As  a  result,  even   individuals who have managed to leave China and obtain citizenship in rights- respecting democracies report that they are cut off from family members still inside China, are monitored and  harassed   by Chinese government officials, and are reluctant to criticize Chinese policies or authorities for fear of reprisals. Some feel they cannot attend public gatherings, such as talks on Chinese politics or Congressional hearings, for fear of being photographed or otherwise having their presence at those events noted. Others describe being called or receiving WhatsApp or text messages from authorities inside China telling them that if they publicly criticize the Chinese government their family members inside China will suffer.

One Uyghur who had obtained citizenship in Europe said: “It doesn’t matter where I am, or what passport I hold. [Chinese authorities] will terrorize me anywhere, and I have no way to fight that.” Even Han Chinese immigrants to countries like Canada described deep fear of the Chinese government, saying that while they are outraged by the human rights abuses in China,  they worry that if they criticize the government openly, their job prospects, business opportunities, and chances of going back to China would be affected or that their family members who remain in China would be in danger.[39]

Governments have relatively weak means to push back against this kind of harassment, given that it originates largely in China. In 2018, the Federal Bureau of Investigation stepped up its outreach to Uyghurs in the United States who had been targets of Chinese government harassment, and the Uyghur Human Rights Act, adopted in June 2020, expands that work across various diaspora communities from China.[40]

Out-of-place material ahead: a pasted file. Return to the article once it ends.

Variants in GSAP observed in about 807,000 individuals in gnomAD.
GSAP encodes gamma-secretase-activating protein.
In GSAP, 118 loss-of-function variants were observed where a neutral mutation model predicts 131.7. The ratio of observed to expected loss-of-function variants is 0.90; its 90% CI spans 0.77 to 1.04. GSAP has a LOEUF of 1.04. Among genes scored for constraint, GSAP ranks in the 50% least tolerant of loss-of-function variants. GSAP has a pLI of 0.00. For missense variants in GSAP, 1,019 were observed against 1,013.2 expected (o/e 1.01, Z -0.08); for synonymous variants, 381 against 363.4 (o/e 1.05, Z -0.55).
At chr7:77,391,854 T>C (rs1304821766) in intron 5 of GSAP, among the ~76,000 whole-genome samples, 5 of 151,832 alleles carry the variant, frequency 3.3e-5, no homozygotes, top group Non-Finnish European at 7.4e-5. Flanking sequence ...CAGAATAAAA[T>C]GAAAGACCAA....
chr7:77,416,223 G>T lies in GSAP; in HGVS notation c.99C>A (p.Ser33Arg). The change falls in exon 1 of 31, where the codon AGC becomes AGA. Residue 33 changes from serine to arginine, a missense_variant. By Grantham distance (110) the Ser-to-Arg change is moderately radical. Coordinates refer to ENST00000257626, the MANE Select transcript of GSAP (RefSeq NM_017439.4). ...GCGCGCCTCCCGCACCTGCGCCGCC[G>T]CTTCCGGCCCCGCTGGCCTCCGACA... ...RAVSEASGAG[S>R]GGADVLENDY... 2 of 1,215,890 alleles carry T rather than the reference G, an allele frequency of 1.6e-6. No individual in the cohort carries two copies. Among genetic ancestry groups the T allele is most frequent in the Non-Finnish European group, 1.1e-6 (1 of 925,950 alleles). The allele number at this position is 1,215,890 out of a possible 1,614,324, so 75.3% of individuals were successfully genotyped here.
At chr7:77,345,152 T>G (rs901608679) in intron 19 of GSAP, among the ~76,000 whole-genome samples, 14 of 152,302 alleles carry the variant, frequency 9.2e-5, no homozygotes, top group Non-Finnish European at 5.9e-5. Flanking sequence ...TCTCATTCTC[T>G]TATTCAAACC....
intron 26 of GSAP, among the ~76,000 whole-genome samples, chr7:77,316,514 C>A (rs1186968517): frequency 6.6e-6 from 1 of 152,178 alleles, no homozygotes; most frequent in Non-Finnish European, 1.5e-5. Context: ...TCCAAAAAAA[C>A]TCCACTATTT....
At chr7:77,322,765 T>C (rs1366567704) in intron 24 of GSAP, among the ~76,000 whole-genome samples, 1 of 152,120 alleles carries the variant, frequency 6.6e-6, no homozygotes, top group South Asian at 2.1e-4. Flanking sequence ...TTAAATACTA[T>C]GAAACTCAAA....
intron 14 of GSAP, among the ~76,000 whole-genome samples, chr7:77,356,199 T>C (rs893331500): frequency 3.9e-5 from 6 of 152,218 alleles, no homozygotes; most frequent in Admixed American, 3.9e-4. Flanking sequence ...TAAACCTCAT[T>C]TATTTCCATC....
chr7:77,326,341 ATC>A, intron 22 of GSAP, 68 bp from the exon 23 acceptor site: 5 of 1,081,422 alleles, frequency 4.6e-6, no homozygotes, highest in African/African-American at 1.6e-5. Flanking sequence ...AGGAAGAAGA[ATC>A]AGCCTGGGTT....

Chinese authorities also seek to limit freedom of expression beyond China’s borders by censoring conversations on global platforms. In June, Zoom, a California-based company, admitted that it had — at the request of Chinese authorities — suspended the accounts of U.S.-based activists who had organized online discussions about the 1989 Tiananmen massacre.[41] While the company reinstated the accounts of people based in the United States, it said it could not refuse Chinese authorities’ demands that it obey “local law.”

Other global platforms have also enabled censorship. WeChat, a Chinese social media platform with about  one billion users worldwide, 100 million of them outside China, is owned by the Chinese company Tencent.[42] The Chinese government and Tencent regularly censor content on the platform, skewing what viewers can see. Posts  with  the  words  “Liu  Xiaobo” or “Tiananmen massacre” cannot be uploaded, and criticisms of the Chinese government are swiftly removed — even if those trying to post such messages are outside the country. WeChat is wildly popular for its easy functionality, but it is also a highly effective  way for Chinese authorities to control what its users worldwide can see.

It also affects what politicians outside China can say to their own constituents. Politicians around the world increasingly use WeChat to communicate with Chinese speakers in their electorates. In September 2017, Jenny Kwan, a member of the Canadian parliament, made a statement regarding the Umbrella Movement in Hong Kong in which she praised the young protesters who “stood up and fought for what they believe in, and for the betterment of their society”; that statement was subsequently posted on her WeChat account — only to be deleted.[43]